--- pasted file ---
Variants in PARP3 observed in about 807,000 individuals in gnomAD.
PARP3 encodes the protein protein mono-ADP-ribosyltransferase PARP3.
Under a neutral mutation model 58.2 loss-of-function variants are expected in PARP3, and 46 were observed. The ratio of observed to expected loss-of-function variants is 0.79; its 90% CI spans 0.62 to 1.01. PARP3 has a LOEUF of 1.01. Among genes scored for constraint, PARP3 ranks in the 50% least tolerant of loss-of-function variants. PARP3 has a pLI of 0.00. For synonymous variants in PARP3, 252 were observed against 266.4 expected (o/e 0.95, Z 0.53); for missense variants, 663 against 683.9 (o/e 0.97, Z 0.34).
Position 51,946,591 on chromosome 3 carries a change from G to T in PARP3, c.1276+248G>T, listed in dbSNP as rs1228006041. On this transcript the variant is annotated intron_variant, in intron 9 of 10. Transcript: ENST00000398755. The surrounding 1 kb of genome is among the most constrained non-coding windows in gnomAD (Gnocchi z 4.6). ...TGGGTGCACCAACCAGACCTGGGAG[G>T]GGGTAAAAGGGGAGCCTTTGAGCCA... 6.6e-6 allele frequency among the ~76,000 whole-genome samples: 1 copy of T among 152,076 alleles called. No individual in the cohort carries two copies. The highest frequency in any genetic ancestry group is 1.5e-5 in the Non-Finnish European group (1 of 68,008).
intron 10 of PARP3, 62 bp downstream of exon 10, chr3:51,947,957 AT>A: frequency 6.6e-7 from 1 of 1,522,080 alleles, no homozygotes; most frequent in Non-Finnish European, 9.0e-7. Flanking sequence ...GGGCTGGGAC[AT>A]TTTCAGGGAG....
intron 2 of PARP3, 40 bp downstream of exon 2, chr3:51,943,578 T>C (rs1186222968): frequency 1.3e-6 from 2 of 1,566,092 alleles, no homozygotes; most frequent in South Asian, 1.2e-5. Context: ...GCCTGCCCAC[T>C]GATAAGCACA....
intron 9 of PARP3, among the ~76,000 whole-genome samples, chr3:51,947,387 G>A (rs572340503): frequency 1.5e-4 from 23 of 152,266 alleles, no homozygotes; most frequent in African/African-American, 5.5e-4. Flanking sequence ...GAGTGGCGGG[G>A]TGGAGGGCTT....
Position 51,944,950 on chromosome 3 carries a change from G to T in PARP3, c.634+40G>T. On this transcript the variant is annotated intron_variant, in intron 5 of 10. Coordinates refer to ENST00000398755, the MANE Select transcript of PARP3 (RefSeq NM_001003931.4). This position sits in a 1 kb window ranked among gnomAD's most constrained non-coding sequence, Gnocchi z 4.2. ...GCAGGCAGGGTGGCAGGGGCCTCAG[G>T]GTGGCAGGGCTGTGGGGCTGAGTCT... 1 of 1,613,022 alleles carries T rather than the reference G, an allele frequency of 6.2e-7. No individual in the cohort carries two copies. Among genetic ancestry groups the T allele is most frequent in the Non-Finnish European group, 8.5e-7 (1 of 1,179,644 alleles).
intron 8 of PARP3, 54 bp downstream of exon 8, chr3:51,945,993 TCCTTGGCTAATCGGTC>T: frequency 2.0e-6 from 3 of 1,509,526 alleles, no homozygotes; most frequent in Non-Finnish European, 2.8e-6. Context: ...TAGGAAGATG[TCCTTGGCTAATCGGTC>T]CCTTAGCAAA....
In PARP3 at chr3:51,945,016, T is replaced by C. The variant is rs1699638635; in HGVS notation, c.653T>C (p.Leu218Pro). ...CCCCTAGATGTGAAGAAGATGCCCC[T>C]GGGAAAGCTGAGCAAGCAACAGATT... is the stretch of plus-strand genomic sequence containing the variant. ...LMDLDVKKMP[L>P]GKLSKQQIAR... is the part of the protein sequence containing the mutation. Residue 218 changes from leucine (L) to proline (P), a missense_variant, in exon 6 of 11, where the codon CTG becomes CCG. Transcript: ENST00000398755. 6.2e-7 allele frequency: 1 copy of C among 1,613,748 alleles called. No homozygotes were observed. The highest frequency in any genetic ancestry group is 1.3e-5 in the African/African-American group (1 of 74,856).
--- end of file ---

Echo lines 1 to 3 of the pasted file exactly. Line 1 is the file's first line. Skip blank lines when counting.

Variants in PARP3 observed in about 807,000 individuals in gnomAD.
PARP3 encodes the protein protein mono-ADP-ribosyltransferase PARP3.
Under a neutral mutation model 58.2 loss-of-function variants are expected in PARP3, and 46 were observed. The ratio of observed to expected loss-of-function variants is 0.79; its 90% CI spans 0.62 to 1.01. PARP3 has a LOEUF of 1.01. Among genes scored for constraint, PARP3 ranks in the 50% least tolerant of loss-of-function variants. PARP3 has a pLI of 0.00. For synonymous variants in PARP3, 252 were observed against 266.4 expected (o/e 0.95, Z 0.53); for missense variants, 663 against 683.9 (o/e 0.97, Z 0.34).